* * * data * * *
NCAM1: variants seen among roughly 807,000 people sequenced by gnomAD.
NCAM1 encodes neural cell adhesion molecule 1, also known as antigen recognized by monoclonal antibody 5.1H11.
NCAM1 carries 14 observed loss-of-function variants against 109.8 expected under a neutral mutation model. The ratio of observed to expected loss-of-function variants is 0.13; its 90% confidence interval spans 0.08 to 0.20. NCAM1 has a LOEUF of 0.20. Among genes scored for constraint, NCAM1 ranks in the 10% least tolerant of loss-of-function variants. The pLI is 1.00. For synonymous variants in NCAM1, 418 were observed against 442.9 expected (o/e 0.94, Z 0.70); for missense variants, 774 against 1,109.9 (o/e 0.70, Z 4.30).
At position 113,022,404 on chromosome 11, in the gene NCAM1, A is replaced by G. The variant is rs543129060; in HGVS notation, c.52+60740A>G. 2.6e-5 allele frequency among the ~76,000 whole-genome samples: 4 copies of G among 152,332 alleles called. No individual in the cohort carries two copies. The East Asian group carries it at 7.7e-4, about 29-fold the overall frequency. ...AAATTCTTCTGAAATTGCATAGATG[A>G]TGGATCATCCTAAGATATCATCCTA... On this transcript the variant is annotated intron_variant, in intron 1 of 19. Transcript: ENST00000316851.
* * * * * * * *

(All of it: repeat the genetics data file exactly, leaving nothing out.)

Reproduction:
NCAM1: variants seen among roughly 807,000 people sequenced by gnomAD.
NCAM1 encodes neural cell adhesion molecule 1, also known as antigen recognized by monoclonal antibody 5.1H11.
NCAM1 carries 14 observed loss-of-function variants against 109.8 expected under a neutral mutation model. The ratio of observed to expected loss-of-function variants is 0.13; its 90% confidence interval spans 0.08 to 0.20. NCAM1 has a LOEUF of 0.20. Among genes scored for constraint, NCAM1 ranks in the 10% least tolerant of loss-of-function variants. The pLI is 1.00. For synonymous variants in NCAM1, 418 were observed against 442.9 expected (o/e 0.94, Z 0.70); for missense variants, 774 against 1,109.9 (o/e 0.70, Z 4.30).
At position 113,022,404 on chromosome 11, in the gene NCAM1, A is replaced by G. The variant is rs543129060; in HGVS notation, c.52+60740A>G. 2.6e-5 allele frequency among the ~76,000 whole-genome samples: 4 copies of G among 152,332 alleles called. No individual in the cohort carries two copies. The East Asian group carries it at 7.7e-4, about 29-fold the overall frequency. ...AAATTCTTCTGAAATTGCATAGATG[A>G]TGGATCATCCTAAGATATCATCCTA... On this transcript the variant is annotated intron_variant, in intron 1 of 19. Transcript: ENST00000316851.